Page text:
Two students from the University of Utah’s College of Engineering and an ophthalmology resident at the John A. Moran Eye Center were awarded scholarships at the 8th Annual ARCS Foundation Utah Scholar Awards Luncheon Tuesday, Oct. 17. The event was held at the John A. Moran Eye Center auditorium.

ARCS Foundation Utah Chapter is part of the national nonprofit women’s organization throughout the country which helps U.S. students completing degrees in science, engineering and medical research.

The Utah chapter of the foundation supports students in doctoral programs at the University of Utah and is dedicated to bringing the brightest students to Utah to help with their education.

This year’s scholars include:

Chantel CharleboisChantel Charlebois — Bioengineering

Chantel came to the University of Utah from the University of Vermont where she was a research assistant investigating ventilator-induced lung injury. She completed a Bachelor of Science degree at the Rochester Institute of Technology in Rochester, NY. Chantel was an RIT Presidential Scholar, and received numerous academic awards and scholarships. At the U, she will be working with associate professor Christopher Butson in the area of deep brain stimulation for the treatment of neurological disorders such as Parkinson’s disease. Chantel wrote, “I enjoy research at the boundary of engineering and medicine where advancements in engineering methodology have the potential to have a profound impact on healthcare.” In her spare time, Chantel enjoys a variety of outdoor activities such as horseback riding, skiing, mountain biking, hiking, and sailing, among others.


Samuel SprawlsSamuel Sprawls — Materials Science and Engineering

Sam is pursuing a doctoral degree in materials science and engineering with the goal of advancing his career in renewable energy photovoltaics (PV), a term which describes the conversion of light into electricity using semiconducting materials that exhibit the photovoltaic effect, a phenomenon studied in physics, photochemistry, and electrochemistry. At the U, he will be working under the direction of associate professor Mike Scarpulla. Sam earned a Bachelor of Science degree in engineering physics specializing in materials science at Case Western Reserve University in Cleveland, OH. He wrote, “After earning a PhD in materials science and engineering, I hope to be a leader of PV research and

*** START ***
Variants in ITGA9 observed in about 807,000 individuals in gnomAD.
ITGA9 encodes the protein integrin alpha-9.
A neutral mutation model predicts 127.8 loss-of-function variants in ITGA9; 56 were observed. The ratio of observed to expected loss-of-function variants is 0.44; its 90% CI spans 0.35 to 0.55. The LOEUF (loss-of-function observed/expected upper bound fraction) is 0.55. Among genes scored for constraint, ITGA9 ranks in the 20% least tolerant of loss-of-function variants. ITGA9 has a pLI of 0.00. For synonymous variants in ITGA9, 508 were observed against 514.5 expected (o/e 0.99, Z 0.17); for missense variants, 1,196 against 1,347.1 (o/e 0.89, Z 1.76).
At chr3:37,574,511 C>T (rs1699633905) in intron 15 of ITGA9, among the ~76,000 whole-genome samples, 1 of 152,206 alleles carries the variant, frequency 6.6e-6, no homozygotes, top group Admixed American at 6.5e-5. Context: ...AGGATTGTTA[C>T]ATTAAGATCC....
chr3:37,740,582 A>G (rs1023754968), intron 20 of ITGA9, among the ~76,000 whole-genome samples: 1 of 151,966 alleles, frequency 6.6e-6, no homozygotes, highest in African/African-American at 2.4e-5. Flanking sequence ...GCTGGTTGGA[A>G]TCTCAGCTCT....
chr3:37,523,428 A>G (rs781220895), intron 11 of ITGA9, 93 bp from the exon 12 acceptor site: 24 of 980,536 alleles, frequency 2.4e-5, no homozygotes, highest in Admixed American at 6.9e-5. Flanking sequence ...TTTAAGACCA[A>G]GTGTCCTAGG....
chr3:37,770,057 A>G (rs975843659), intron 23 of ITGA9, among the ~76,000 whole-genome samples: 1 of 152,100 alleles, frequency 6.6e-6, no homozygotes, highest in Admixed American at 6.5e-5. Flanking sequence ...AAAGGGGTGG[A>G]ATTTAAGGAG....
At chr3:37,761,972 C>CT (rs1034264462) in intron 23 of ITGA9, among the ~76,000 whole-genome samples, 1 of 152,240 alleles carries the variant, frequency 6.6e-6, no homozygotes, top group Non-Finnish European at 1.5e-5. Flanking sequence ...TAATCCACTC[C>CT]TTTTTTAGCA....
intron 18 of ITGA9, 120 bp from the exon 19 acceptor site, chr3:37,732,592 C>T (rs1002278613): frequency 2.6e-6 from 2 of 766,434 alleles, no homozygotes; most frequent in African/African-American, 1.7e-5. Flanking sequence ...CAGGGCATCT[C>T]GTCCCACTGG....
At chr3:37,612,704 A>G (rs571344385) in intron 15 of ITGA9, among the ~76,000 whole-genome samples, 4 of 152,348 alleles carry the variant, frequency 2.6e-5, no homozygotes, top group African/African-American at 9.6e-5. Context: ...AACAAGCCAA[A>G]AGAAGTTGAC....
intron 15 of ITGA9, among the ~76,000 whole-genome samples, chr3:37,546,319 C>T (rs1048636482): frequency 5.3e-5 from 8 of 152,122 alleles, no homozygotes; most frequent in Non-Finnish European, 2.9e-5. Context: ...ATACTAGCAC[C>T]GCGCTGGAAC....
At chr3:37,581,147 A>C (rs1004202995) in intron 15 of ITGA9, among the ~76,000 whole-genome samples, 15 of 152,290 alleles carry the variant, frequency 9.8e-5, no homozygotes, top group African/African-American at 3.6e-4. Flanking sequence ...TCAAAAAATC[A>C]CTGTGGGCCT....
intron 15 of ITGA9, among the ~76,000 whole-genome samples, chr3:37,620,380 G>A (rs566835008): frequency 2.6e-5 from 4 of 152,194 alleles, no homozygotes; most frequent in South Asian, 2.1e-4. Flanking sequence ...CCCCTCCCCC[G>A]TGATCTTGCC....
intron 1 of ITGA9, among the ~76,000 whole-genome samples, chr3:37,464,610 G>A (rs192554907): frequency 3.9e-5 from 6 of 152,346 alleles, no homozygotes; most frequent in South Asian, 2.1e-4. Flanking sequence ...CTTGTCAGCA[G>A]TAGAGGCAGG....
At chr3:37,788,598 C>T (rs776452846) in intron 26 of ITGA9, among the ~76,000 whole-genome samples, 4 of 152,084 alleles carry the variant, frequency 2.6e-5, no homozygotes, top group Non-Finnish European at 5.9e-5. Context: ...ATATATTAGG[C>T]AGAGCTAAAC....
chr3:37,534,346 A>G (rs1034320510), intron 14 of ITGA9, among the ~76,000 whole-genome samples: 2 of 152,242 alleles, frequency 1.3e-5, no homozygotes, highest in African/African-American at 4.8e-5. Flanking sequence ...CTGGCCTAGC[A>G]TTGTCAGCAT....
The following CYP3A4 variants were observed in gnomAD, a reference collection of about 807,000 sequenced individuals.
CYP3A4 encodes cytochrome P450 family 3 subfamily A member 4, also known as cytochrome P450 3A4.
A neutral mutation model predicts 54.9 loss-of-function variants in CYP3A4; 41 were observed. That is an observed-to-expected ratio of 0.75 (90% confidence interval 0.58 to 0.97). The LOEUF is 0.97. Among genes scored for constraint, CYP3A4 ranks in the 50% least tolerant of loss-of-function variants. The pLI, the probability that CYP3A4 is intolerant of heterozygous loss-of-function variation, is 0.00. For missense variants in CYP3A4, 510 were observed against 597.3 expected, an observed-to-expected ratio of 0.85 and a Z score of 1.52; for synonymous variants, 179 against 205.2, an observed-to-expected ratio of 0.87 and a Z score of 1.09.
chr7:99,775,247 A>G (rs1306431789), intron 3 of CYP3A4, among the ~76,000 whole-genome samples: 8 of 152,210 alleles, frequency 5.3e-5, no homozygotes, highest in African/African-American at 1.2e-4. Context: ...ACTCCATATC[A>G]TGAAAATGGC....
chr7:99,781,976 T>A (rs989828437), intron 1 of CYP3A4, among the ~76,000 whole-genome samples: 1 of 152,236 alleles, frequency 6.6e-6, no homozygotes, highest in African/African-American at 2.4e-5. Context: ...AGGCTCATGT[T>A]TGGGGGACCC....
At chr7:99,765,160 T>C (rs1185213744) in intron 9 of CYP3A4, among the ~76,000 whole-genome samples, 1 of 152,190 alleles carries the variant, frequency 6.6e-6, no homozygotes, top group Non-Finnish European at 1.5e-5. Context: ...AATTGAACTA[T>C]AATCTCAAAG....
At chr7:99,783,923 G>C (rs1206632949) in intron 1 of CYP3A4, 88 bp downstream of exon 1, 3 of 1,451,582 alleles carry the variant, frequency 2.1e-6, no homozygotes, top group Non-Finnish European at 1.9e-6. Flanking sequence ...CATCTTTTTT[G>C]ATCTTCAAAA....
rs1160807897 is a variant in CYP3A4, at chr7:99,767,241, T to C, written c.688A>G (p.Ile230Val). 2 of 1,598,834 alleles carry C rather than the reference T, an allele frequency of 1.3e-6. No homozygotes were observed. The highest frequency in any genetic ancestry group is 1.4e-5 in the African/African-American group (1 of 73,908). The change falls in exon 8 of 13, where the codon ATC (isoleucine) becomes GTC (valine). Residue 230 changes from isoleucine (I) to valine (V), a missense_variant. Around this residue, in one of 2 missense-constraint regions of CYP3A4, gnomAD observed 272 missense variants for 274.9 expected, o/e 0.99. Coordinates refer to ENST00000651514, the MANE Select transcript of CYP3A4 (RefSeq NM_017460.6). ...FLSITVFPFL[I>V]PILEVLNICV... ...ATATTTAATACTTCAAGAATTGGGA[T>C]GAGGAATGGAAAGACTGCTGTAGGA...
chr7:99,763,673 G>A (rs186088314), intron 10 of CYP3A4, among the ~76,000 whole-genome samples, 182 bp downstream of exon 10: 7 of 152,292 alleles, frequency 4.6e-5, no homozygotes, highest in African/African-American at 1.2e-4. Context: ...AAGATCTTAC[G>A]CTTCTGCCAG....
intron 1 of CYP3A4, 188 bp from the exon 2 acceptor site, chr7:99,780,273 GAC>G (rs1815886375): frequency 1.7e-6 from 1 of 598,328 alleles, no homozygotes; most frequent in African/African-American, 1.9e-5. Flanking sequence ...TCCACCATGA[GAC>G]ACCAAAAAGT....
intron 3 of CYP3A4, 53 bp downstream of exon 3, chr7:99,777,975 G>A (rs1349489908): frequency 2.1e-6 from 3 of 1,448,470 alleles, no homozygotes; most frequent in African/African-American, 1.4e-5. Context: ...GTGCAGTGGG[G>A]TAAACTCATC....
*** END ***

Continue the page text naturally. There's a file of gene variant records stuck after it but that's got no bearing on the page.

development in industry or government.” Sam also enjoys film and digital photography cycling, and served as president for Habitat for Humanity.


Bradley JacobsenBradley Jacobsen, MD — Ophthalmology/John A. Moran Eye Center

Dr. Jacobsen is a first-year ophthalmology resident at the John A. Moran Eye Center at the University of Utah, where he plans to focus on the retina and the
treatment of retinoblastoma—a type of eye cancer most common in children. Jacobsen earned his medical degree from the University of California, Irvine School of Medicine and completed a general surgery residency at Baylor College of Medicine. At UC Irvine, Jacobsen founded the International Ultrasound Project, which uses medical students to teach ultrasound and conduct research in Mwanza, Tanzania. He also received a $60,000 John Tu grant to initiate what has now become an integrated medical education course at a Mwanza medical school. Jacobsen’s many research projects range from investigating alternative treatments for patients with retinoblastoma to the feasibility of using ultrasound as a diagnostic imaging device in low-resource settings. He plans to continue his research at Moran, combining it with his passion for furthering high-quality care in underserved and resource-limited areas.